Frankfurt, the city where writer and poet Wolfgang Goethe was born in 1749 has been on the upswing, becoming ever more vibrant and enjoyable. According to Goethe, "Architecture is frozen music" and the best place to admire the city's breathtaking skyline is from the west bank promenade along the Main River, with Holbein steg, the pedestrian bridge in view.
From here, the gleaming glass towers harmonise with decorative styles such as the cathedral and the Paulskirche. Germany's leading business and financial hub is in front, and just behind, along the Schaumainkai, is a string of world-class museums. A short walk across the Eiserner steg (the iron bridge) leads to the Romerberg, an utterly charming square where half-timbered houses, painstakingly reconstructed after destruction in the war remind you of the medieval times. Nearby, is the Goethe museum and house, complete with the puppet-theatre he played with at the age of four.
Frankfurt is Germany's most global city, with a quarter of its 700,00 residents being foreigners. People are drawn to work in the financial services, the stock exchange and the recently-opened European Central Bank headquarters. Visitors flock to the trade shows, book fairs and art exhibitions. "It makes for a more welcoming and open atmosphere compared to other cities," said a resident. Catering to this cosmopolitan clientele are restaurants serving varied cuisines.
Those who call Frankfurt home love the fact that it is small. One can get from one place to another quickly and yet the amenities are those of a big city. The railways and autobahns converge here, and Frankfurt airport can waft one away directly to the likes of Windhoek in Namibia, Tashkent in central Asia, and Bogota in Columbia.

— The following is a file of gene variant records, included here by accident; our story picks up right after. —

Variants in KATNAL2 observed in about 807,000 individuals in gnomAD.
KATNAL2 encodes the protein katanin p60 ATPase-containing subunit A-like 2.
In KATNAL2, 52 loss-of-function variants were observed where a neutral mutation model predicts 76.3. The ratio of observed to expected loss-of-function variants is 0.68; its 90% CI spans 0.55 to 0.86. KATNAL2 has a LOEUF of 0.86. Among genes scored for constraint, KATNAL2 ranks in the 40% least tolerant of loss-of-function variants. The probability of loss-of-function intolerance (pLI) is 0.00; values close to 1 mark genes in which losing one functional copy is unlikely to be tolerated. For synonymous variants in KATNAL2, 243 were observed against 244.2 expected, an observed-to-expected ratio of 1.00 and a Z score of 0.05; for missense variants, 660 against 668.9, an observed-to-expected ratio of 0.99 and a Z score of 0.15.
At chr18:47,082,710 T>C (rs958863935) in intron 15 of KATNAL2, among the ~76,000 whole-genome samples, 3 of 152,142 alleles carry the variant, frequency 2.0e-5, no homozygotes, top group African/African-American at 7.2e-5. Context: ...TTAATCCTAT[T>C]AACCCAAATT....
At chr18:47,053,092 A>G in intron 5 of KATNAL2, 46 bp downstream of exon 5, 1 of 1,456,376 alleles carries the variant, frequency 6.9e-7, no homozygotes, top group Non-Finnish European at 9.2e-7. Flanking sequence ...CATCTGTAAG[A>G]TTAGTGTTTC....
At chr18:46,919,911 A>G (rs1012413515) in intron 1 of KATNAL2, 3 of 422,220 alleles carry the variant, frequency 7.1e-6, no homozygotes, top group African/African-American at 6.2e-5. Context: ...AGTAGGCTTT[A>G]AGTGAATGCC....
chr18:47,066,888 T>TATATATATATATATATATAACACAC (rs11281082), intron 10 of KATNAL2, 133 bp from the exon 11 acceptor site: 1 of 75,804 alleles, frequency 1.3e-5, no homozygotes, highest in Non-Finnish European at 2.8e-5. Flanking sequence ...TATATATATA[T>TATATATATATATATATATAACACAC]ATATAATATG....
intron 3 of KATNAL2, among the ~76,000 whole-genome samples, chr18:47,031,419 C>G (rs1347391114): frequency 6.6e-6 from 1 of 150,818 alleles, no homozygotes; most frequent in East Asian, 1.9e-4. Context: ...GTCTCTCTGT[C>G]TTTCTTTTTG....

Cultural offerings such as opera, philharmonic, and the performing arts are of the highest quality. The art scene is vibrant with exhibits at the Stadel Museum, Schirn Kunsthalle and the Museum of Modern Art. Historically, Frankfurt has been a Stadt der Burger, or a state whose patrons were not kings or nobility, but the people at large who are responsible for the city's arts and culture.
Walking the streets, aficionados of modern architecture can visit buildings such as Norman Forster's Commerzbank headquarters, Helmut Jahn's pyramid-topped Messeturm and Mario Bellini's trapezoidal Deutsche bank towers. The foyers of many of these buildings are replete with contemporary art. Frankfurt's tree-lined neighbourhoods are quiet pockets where people can be seen riding bicycles, sorting their garbage and living responsible, green lives. 'Go to foreign countries," Goethe had said, "and you will get to know the good things one possesses at home."
Forests, meadows and charming towns with historic castles surround Frankfurt. The Taunus Mountains are great for hikes, and the picturesque Rhine Valley can be enjoyed by boat from Frankfurt to Mainz and Koblenz. An hour's drive south is Heidelberg, an idyllic University town.
To experience the beauty of these lands is life-enhancing, which brings me to a rather amusing quote by Goethe, "Many people take no care of their money till they come nearly to the end of it, and others do the same with their time."